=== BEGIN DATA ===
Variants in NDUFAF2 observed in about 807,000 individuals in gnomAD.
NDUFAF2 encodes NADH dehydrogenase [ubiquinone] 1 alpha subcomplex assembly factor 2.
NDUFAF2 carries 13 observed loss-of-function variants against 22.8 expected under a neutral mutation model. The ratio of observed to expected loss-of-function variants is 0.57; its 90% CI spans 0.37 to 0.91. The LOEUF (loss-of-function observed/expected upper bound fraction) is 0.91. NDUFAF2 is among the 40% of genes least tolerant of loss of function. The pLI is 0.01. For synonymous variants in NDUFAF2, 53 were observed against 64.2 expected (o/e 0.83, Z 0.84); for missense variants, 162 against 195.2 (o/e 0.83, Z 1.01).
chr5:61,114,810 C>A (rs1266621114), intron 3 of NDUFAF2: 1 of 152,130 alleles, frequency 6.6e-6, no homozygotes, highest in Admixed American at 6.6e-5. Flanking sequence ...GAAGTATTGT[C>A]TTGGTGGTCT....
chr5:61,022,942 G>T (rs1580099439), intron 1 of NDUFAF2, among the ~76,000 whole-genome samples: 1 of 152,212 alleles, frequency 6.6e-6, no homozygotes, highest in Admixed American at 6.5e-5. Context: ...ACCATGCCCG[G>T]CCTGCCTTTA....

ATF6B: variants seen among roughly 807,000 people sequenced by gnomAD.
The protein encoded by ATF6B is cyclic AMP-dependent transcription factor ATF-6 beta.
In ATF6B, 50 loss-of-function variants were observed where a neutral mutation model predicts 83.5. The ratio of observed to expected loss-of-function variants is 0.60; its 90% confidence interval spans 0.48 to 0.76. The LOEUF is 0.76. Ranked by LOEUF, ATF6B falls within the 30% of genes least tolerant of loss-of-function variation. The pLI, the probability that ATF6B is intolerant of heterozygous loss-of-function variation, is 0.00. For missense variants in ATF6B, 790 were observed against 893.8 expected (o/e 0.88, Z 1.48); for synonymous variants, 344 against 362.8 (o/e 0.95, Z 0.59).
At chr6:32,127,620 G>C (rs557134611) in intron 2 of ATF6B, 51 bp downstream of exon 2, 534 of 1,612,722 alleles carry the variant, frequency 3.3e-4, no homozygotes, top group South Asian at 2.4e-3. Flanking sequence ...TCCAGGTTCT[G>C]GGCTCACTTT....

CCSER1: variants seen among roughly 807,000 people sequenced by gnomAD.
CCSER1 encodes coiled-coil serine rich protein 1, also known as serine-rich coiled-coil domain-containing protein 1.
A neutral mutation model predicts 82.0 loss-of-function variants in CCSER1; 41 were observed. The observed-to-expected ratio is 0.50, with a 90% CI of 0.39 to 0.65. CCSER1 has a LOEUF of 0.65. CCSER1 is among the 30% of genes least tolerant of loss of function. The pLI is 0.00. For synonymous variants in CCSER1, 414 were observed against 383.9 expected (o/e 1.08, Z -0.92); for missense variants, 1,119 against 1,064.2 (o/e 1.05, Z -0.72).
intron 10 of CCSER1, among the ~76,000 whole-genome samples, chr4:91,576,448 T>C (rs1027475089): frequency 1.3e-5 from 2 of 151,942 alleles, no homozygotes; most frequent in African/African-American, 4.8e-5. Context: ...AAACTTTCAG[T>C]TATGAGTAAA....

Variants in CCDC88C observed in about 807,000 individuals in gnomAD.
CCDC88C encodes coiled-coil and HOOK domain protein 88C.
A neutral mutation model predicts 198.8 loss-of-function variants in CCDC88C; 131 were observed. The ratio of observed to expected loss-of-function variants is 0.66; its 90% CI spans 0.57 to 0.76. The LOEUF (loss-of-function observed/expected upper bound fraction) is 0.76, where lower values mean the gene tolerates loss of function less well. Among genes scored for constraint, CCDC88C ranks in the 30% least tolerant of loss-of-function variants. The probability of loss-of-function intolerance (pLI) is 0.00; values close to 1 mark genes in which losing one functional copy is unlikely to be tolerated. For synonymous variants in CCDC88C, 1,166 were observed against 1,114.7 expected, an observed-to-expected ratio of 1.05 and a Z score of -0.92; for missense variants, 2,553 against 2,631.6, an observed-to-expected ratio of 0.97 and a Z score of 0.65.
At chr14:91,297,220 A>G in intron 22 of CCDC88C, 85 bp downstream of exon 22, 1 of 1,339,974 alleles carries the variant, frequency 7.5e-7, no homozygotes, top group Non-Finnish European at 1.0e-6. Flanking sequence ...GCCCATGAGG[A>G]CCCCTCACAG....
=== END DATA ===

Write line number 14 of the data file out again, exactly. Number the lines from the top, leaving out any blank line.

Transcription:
Variants in CCDC88C observed in about 807,000 individuals in gnomAD.